June 18, 2015

German designer Falko Ohlmer deals in the enigmatic. In his graphic universe, bleak landscapes give rise to mysterious creatures. Eyes disappear and then turn up again in unexpected places. It’s a world of unravelling shapes, spiralling wormholes and a deep-rooted sense of unease. Even time is off-kilter. The grainy quality of his pictures seems to suggest age, but closer look reveals contemporary giveaways; moments of photographic clarity that only seem to add to the distortion.

Falko is pretty tight-lipped about what it all means, preferring his viewers to submerge themselves into his world and try to navigate it for themselves. We caught up with him in Hamburg, where he works, gives lectures and workshops at different universities, and is involved with legendary design studio Arndt-Benedikt.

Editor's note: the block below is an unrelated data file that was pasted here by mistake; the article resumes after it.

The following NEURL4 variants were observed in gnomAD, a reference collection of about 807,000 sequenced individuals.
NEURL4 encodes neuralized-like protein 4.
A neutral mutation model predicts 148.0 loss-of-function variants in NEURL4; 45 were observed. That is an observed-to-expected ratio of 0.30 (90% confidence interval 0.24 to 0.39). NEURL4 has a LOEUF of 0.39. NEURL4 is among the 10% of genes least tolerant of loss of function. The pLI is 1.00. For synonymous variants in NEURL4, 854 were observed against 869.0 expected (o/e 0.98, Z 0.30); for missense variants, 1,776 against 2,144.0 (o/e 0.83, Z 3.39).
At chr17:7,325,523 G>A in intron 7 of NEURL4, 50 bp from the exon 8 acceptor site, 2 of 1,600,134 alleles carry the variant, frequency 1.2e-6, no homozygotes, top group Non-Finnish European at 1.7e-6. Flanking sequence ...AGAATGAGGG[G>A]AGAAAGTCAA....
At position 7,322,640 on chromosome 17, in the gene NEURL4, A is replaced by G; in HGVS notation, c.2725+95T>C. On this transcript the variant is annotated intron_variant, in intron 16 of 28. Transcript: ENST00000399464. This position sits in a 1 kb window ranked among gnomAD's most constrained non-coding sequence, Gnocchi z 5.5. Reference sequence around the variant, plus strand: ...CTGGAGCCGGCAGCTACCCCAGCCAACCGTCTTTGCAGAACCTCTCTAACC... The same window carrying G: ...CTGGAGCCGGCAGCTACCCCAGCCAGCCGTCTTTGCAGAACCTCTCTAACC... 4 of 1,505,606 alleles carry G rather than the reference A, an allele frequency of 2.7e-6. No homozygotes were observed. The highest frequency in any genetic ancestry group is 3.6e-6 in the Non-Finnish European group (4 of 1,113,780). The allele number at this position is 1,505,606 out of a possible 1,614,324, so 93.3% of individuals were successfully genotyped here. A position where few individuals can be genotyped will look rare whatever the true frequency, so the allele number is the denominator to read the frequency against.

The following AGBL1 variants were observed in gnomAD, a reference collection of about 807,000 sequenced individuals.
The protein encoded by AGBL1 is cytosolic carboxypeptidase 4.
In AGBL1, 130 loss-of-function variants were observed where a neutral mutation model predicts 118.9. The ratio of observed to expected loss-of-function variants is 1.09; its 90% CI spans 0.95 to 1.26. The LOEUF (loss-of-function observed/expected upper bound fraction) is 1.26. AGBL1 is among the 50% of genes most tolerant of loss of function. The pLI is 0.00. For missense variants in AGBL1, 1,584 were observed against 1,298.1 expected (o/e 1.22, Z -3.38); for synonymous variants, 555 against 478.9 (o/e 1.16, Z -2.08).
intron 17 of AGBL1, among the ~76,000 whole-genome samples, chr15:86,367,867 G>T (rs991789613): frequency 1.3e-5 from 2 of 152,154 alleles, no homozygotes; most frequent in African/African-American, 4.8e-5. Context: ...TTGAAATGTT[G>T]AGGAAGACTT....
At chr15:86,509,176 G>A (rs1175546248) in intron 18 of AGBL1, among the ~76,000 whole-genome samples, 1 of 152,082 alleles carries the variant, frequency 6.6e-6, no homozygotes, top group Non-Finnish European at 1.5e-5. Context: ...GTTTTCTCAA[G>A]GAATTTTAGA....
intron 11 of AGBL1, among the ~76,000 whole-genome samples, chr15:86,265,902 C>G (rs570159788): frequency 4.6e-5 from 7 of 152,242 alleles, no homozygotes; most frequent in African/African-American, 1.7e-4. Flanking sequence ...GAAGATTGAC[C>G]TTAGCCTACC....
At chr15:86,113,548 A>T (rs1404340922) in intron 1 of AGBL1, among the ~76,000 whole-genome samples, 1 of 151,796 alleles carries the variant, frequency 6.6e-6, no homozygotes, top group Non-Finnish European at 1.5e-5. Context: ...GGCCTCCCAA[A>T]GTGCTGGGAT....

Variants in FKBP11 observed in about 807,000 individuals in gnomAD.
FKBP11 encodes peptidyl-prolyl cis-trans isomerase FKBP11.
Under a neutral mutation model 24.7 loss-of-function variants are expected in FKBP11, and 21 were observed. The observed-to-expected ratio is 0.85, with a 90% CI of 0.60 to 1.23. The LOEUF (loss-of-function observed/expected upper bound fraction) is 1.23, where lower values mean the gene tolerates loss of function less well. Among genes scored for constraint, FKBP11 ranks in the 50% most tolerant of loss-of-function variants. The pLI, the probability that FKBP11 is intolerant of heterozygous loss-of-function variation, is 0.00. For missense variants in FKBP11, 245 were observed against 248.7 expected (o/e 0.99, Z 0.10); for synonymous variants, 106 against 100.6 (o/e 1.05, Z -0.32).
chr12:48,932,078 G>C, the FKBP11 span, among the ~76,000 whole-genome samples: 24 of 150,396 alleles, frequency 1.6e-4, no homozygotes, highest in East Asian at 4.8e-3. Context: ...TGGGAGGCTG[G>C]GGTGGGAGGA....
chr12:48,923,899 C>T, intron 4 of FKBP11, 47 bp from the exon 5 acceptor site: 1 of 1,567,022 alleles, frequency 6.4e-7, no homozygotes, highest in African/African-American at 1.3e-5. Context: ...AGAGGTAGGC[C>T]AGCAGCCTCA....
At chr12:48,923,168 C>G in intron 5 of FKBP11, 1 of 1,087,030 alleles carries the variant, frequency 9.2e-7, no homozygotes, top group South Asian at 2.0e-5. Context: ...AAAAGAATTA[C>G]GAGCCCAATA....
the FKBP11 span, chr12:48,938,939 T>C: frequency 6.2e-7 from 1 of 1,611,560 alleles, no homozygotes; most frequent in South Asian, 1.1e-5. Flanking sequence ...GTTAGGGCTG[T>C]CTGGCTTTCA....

Hi Falko! Let’s start at the beginning: How did you become a designer?

Too many boring days at school. I started doodling during the class.

What ideas inspire your work?

Most of my inspiration has nothing to do with graphic art. Generally I’m inspired by the modernism of Bauhaus but of the ideas of punk art, too. But a lot of ideas for artwork come to my mind without reason.

Your work uses quite a lot of skulls, birds and distorted faces- are these symbols that have significance?

I like to give my work a mystique and abstract touch. Without limiting to the ‘abstract‘, it always plays an important role in my art. So it confronts the viewer on the one hand with a photographic reality and at the same time with their targeted distortion. In this atmosphere of unique elements, there is always a request to define your own meaning.

Lots of your work is created digitally – how much has your work been shaped by technology?

I like to work analogue as well but I spend a lot of time on the road. That’s the time when I’m working on free projects. My laptop is always with me.

Which artists are inspiring you at the moment?

I’m reading a book about Josef Müller-Brockmann. I love his work.